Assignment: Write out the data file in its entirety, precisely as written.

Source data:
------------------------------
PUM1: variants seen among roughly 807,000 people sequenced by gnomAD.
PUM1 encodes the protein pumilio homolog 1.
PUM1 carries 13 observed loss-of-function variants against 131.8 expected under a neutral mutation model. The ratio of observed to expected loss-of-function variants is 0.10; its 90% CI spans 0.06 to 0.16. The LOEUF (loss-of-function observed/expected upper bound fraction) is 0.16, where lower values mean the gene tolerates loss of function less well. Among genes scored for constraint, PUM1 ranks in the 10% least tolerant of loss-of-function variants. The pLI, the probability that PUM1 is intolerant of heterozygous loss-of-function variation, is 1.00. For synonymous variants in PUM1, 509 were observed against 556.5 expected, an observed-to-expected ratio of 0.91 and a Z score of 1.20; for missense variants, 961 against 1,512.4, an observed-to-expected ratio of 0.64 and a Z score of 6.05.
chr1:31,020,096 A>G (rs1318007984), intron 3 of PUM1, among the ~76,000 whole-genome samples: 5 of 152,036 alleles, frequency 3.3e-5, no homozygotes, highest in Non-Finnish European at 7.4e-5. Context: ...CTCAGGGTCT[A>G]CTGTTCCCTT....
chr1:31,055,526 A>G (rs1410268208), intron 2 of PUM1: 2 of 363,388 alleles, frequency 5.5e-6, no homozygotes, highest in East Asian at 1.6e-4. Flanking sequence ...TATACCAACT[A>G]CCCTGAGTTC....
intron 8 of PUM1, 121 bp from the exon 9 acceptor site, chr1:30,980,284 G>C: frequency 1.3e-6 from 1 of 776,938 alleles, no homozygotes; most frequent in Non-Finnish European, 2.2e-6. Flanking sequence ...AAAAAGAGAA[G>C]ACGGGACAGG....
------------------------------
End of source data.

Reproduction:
PUM1: variants seen among roughly 807,000 people sequenced by gnomAD.
PUM1 encodes the protein pumilio homolog 1.
PUM1 carries 13 observed loss-of-function variants against 131.8 expected under a neutral mutation model. The ratio of observed to expected loss-of-function variants is 0.10; its 90% CI spans 0.06 to 0.16. The LOEUF (loss-of-function observed/expected upper bound fraction) is 0.16, where lower values mean the gene tolerates loss of function less well. Among genes scored for constraint, PUM1 ranks in the 10% least tolerant of loss-of-function variants. The pLI, the probability that PUM1 is intolerant of heterozygous loss-of-function variation, is 1.00. For synonymous variants in PUM1, 509 were observed against 556.5 expected, an observed-to-expected ratio of 0.91 and a Z score of 1.20; for missense variants, 961 against 1,512.4, an observed-to-expected ratio of 0.64 and a Z score of 6.05.
chr1:31,020,096 A>G (rs1318007984), intron 3 of PUM1, among the ~76,000 whole-genome samples: 5 of 152,036 alleles, frequency 3.3e-5, no homozygotes, highest in Non-Finnish European at 7.4e-5. Context: ...CTCAGGGTCT[A>G]CTGTTCCCTT....
chr1:31,055,526 A>G (rs1410268208), intron 2 of PUM1: 2 of 363,388 alleles, frequency 5.5e-6, no homozygotes, highest in East Asian at 1.6e-4. Flanking sequence ...TATACCAACT[A>G]CCCTGAGTTC....
intron 8 of PUM1, 121 bp from the exon 9 acceptor site, chr1:30,980,284 G>C: frequency 1.3e-6 from 1 of 776,938 alleles, no homozygotes; most frequent in Non-Finnish European, 2.2e-6. Flanking sequence ...AAAAAGAGAA[G>C]ACGGGACAGG....